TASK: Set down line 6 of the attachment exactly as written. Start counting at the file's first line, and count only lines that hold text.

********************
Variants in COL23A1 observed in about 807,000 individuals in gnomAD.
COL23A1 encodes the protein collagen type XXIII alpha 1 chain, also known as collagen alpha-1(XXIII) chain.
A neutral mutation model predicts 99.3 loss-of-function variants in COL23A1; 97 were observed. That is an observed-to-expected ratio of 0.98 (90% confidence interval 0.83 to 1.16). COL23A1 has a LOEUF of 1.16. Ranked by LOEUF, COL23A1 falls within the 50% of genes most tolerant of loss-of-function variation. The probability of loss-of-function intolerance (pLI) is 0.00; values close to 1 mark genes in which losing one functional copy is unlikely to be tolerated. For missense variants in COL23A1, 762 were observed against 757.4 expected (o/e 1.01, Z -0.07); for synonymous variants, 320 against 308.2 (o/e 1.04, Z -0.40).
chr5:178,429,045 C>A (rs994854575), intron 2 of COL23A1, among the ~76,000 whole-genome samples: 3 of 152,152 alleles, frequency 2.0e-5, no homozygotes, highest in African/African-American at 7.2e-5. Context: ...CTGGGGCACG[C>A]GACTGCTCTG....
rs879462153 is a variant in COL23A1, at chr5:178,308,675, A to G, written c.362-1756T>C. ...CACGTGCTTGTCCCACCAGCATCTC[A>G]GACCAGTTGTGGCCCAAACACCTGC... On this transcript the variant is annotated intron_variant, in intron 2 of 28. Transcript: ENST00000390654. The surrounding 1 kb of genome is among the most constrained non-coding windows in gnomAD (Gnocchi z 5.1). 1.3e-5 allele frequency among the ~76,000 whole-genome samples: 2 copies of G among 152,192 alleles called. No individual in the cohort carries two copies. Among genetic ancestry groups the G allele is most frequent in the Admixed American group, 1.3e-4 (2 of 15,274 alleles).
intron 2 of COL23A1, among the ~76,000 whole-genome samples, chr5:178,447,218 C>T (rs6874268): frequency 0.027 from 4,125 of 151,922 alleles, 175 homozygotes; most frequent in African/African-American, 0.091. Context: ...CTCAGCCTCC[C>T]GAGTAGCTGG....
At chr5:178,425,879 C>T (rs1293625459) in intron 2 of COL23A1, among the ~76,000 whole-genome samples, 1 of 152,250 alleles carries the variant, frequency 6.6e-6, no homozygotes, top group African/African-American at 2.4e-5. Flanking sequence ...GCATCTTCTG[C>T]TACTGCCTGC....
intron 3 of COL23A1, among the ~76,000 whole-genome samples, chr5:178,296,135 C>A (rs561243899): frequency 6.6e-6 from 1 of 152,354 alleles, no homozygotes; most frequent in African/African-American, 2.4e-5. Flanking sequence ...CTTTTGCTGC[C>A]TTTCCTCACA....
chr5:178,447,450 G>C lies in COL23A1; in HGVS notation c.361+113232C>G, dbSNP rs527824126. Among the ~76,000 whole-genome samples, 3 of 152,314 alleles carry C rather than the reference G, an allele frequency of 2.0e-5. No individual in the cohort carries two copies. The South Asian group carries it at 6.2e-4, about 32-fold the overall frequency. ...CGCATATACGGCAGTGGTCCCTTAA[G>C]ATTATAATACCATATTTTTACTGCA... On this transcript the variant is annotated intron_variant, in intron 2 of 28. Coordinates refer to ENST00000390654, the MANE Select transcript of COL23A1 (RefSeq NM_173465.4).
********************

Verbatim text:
intron 2 of COL23A1, among the ~76,000 whole-genome samples, chr5:178,447,218 C>T (rs6874268): frequency 0.027 from 4,125 of 151,922 alleles, 175 homozygotes; most frequent in African/African-American, 0.091. Context: ...CTCAGCCTCC[C>T]GAGTAGCTGG....